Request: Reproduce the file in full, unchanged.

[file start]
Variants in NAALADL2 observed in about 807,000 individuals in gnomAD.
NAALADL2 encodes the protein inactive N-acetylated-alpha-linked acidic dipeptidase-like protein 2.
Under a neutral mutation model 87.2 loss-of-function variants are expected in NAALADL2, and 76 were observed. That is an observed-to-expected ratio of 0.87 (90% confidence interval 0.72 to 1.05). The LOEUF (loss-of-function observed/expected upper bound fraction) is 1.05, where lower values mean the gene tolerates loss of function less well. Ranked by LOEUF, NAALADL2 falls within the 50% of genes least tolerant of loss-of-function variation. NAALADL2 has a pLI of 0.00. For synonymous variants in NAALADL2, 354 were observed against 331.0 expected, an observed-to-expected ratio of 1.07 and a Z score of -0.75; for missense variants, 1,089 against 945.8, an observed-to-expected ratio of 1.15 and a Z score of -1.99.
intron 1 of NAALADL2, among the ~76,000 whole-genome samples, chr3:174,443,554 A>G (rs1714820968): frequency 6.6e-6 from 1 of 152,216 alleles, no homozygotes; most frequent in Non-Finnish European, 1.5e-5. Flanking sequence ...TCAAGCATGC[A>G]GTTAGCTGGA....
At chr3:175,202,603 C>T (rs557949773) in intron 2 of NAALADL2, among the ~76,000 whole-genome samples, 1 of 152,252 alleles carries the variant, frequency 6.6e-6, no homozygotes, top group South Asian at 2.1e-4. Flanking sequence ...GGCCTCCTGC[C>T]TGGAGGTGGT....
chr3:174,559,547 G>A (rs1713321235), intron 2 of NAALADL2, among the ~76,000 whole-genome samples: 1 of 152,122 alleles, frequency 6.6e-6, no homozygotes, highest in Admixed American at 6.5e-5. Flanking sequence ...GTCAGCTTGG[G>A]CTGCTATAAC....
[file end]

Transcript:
Variants in NAALADL2 observed in about 807,000 individuals in gnomAD.
NAALADL2 encodes the protein inactive N-acetylated-alpha-linked acidic dipeptidase-like protein 2.
Under a neutral mutation model 87.2 loss-of-function variants are expected in NAALADL2, and 76 were observed. That is an observed-to-expected ratio of 0.87 (90% confidence interval 0.72 to 1.05). The LOEUF (loss-of-function observed/expected upper bound fraction) is 1.05, where lower values mean the gene tolerates loss of function less well. Ranked by LOEUF, NAALADL2 falls within the 50% of genes least tolerant of loss-of-function variation. NAALADL2 has a pLI of 0.00. For synonymous variants in NAALADL2, 354 were observed against 331.0 expected, an observed-to-expected ratio of 1.07 and a Z score of -0.75; for missense variants, 1,089 against 945.8, an observed-to-expected ratio of 1.15 and a Z score of -1.99.
intron 1 of NAALADL2, among the ~76,000 whole-genome samples, chr3:174,443,554 A>G (rs1714820968): frequency 6.6e-6 from 1 of 152,216 alleles, no homozygotes; most frequent in Non-Finnish European, 1.5e-5. Flanking sequence ...TCAAGCATGC[A>G]GTTAGCTGGA....
At chr3:175,202,603 C>T (rs557949773) in intron 2 of NAALADL2, among the ~76,000 whole-genome samples, 1 of 152,252 alleles carries the variant, frequency 6.6e-6, no homozygotes, top group South Asian at 2.1e-4. Flanking sequence ...GGCCTCCTGC[C>T]TGGAGGTGGT....
chr3:174,559,547 G>A (rs1713321235), intron 2 of NAALADL2, among the ~76,000 whole-genome samples: 1 of 152,122 alleles, frequency 6.6e-6, no homozygotes, highest in Admixed American at 6.5e-5. Flanking sequence ...GTCAGCTTGG[G>A]CTGCTATAAC....